- Arturia Microfreak Hybrid Synth – As a hybrid synth, this uses a cross between analogue and digital technologies. The Microfreak is a perfect easy way to get used to the basics of synthesis for either of them. https://www.arturia.com/products/hardware-synths/microfreak/overview
- Elektron Model:Cycles 6-track FM Synth and Groovebox – a small, easy to use synth which creates sounds which are fantastic for solos or riffs. These have much more space-age, ethereal possibilities than analogue synthesis. https://www.elektron.se/jp/modelcycles-explorer
Learn How Synthesis Works from Scratch
If you learn how sound works from the bottom up, you will be able to truly understand your synth. This means you will not only learn how it works, but how music works as a whole. As a result, the learning process will come quicker. You will be able to sculpt sounds to your liking whilst understanding where, how, and why they differ from the guitar.
Try getting technical with your guitar too. Learn exactly how to affect it’s sound with the subtlest things you do, and you will find that you can craft noise more easily. If you understand the roots of music as a whole, you can transfer these skills to almost any instrument. In addition, by specifically learning the details of your exact model of synth, you will become more in tune with it. Synths can have staggering differences between models and each of these inevitably has it’s own characteristics.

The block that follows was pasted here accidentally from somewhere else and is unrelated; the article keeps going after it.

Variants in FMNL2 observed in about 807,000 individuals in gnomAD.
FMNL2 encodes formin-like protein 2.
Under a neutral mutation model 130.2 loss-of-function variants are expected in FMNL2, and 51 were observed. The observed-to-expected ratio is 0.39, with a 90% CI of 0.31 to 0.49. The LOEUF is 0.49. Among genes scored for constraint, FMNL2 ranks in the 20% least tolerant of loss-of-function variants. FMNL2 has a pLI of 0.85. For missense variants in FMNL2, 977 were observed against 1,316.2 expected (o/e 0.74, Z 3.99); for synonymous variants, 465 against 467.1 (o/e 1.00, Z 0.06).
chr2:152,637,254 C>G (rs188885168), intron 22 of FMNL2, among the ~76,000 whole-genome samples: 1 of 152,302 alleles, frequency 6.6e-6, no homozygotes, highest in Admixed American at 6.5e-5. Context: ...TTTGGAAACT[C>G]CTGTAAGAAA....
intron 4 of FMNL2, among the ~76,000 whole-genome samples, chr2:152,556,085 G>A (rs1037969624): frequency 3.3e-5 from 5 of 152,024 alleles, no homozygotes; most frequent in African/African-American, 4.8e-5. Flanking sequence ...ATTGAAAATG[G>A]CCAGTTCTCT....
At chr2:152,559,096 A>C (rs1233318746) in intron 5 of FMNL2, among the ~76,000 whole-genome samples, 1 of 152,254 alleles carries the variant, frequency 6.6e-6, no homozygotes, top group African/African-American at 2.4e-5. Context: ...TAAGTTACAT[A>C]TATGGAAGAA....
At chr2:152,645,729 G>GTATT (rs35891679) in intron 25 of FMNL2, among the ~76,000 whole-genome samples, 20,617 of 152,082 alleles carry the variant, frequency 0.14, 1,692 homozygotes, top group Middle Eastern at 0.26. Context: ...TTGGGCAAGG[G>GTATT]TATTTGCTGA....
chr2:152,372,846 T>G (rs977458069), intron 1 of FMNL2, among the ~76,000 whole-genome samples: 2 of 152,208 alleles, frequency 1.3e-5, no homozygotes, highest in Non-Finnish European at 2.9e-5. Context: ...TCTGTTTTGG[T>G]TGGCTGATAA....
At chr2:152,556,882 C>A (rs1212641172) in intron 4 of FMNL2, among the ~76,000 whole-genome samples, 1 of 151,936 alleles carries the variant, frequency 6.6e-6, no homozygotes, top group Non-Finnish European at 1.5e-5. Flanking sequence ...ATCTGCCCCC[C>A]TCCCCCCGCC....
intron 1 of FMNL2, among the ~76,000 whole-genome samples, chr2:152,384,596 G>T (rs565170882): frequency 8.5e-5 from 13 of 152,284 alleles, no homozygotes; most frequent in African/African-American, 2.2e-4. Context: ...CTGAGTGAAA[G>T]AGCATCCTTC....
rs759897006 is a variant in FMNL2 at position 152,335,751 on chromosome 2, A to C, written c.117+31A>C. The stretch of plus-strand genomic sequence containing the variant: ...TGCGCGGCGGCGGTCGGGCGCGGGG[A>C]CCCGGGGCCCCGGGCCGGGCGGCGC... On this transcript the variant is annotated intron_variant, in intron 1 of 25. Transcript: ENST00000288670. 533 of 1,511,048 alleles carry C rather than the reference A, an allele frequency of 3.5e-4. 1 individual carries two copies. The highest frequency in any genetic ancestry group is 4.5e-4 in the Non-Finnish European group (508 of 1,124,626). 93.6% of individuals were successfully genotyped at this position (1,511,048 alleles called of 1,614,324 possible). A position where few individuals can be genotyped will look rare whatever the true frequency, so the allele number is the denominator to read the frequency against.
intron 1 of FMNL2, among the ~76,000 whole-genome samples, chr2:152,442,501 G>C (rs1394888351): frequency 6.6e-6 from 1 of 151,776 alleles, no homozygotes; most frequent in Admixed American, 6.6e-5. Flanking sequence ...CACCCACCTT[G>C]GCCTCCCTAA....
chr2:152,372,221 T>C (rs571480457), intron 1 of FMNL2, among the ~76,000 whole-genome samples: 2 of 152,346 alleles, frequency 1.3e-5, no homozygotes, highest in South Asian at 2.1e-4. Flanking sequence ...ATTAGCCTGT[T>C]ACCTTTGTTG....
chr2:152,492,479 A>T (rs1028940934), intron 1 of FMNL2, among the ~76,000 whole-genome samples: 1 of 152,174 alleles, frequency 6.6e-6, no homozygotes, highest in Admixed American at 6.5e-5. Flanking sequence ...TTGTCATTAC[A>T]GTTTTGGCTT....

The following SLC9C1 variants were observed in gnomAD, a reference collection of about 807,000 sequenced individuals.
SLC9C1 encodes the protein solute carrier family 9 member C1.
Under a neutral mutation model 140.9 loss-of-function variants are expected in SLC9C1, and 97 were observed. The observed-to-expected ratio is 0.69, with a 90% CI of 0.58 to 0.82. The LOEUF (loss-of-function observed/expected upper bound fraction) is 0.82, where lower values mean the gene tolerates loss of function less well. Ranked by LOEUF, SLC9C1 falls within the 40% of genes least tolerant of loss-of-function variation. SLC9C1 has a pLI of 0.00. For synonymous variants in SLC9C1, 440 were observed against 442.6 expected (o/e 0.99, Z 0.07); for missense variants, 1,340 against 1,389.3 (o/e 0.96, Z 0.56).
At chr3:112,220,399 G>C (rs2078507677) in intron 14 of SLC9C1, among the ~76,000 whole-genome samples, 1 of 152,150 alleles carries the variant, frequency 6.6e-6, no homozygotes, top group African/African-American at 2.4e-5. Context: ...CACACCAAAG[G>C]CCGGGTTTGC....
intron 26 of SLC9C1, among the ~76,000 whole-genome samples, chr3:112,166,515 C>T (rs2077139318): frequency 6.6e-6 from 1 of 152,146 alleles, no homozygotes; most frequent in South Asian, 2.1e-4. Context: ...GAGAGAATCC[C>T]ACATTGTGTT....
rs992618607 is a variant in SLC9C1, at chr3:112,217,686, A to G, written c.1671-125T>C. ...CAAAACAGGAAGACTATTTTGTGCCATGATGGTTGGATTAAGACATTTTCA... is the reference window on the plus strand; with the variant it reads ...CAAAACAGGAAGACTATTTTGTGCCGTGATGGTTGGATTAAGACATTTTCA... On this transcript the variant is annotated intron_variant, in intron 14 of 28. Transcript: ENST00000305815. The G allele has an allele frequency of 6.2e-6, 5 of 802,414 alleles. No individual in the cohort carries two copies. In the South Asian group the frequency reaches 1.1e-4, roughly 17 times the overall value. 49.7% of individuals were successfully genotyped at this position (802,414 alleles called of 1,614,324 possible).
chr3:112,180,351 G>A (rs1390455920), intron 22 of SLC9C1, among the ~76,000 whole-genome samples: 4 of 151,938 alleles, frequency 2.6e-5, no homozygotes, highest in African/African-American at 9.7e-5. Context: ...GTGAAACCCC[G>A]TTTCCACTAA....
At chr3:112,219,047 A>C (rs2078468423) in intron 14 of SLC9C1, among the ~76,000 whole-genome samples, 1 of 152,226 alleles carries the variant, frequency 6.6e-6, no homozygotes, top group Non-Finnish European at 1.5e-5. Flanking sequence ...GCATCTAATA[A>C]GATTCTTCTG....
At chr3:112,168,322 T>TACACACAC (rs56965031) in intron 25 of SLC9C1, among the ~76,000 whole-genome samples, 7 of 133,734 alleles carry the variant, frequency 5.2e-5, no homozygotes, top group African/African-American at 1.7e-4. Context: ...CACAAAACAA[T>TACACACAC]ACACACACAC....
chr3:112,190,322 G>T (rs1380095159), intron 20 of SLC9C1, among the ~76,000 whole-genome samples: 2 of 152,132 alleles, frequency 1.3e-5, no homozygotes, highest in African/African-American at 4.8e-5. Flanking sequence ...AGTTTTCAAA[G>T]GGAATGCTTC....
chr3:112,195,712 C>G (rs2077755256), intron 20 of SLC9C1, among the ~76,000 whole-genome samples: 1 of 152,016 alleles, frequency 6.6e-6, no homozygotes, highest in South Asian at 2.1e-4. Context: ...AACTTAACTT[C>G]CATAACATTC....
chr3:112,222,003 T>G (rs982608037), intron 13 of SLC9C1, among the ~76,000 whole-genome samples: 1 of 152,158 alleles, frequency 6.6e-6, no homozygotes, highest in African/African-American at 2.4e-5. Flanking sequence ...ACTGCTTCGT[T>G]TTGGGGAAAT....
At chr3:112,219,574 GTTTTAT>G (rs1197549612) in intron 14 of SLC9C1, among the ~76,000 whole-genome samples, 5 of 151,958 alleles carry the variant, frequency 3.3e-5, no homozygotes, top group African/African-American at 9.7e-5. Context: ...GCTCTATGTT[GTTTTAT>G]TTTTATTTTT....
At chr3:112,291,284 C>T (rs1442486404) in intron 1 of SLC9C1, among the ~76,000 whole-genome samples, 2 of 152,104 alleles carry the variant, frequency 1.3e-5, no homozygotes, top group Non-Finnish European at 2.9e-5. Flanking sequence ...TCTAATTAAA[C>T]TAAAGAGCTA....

Synthesis for guitarists: Find your Flow
Every musician has to find their flow. Neuroscientists identify as the state in which you are playing and time appears to speed up or stand still. This happens as a result of the way music slightly alters the brainwaves. Guitarists who prefer to hold an instrument in their hands might struggle at first to achieve flow with a synth. However, when they learn how synthesis works can quickly program sounds without having to stop and get technical. Then, it is as easy to reach a creative state of mind with your synth as it is with your guitar. The only difference is that your flow state when playing synth may be a little bit different.
Make it Apply to Your Guitar Playing
Synthesis not only creates new sounds but mimics those which already exist. Lead lines and guitar solos are exactly the types of playing which translate really well to synthesis. As a result, an easy way to master a synth is to transfer some of your favourite riffs or soloing patterns to it. Therefore you will see the similarities, differences, and connections between the two instruments. Once you master this, you will be able to move more easily between them.
Synthesis for guitarists: Final Thoughts
Making the transition from guitar to synthesis is as simple as learning their similarities and differences. This means you can avoid too much technical detail, while still understanding how to make sound. At a deeper level, synthesis for guitarists allows you to design textures and timbres beyond those of the guitar. Knowing what sounds you want first is also very important. Once you do, you will find that synthisers can produce sounds which are strikingly similar yet give you have the freedom to craft your own forms of noise. This is a popular and creative way of producing riffs for both instruments. Therefore, knowing where you’re starting and where you want to end up before you move on to anything more synth-specific means you will have the best of both worlds.